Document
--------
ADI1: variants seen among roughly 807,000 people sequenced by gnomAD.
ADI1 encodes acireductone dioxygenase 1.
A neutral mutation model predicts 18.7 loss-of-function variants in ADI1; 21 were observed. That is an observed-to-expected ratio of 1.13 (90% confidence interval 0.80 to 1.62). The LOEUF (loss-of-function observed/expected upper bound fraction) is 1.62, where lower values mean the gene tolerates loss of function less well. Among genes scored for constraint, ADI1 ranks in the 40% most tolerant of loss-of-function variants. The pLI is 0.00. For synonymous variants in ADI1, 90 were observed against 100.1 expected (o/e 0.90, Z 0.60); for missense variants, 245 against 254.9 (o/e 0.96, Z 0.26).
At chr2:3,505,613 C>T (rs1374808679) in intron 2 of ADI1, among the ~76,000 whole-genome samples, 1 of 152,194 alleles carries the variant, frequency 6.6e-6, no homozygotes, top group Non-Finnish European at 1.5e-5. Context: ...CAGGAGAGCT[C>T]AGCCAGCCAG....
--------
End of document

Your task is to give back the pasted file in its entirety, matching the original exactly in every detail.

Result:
ADI1: variants seen among roughly 807,000 people sequenced by gnomAD.
ADI1 encodes acireductone dioxygenase 1.
A neutral mutation model predicts 18.7 loss-of-function variants in ADI1; 21 were observed. That is an observed-to-expected ratio of 1.13 (90% confidence interval 0.80 to 1.62). The LOEUF (loss-of-function observed/expected upper bound fraction) is 1.62, where lower values mean the gene tolerates loss of function less well. Among genes scored for constraint, ADI1 ranks in the 40% most tolerant of loss-of-function variants. The pLI is 0.00. For synonymous variants in ADI1, 90 were observed against 100.1 expected (o/e 0.90, Z 0.60); for missense variants, 245 against 254.9 (o/e 0.96, Z 0.26).
At chr2:3,505,613 C>T (rs1374808679) in intron 2 of ADI1, among the ~76,000 whole-genome samples, 1 of 152,194 alleles carries the variant, frequency 6.6e-6, no homozygotes, top group Non-Finnish European at 1.5e-5. Context: ...CAGGAGAGCT[C>T]AGCCAGCCAG....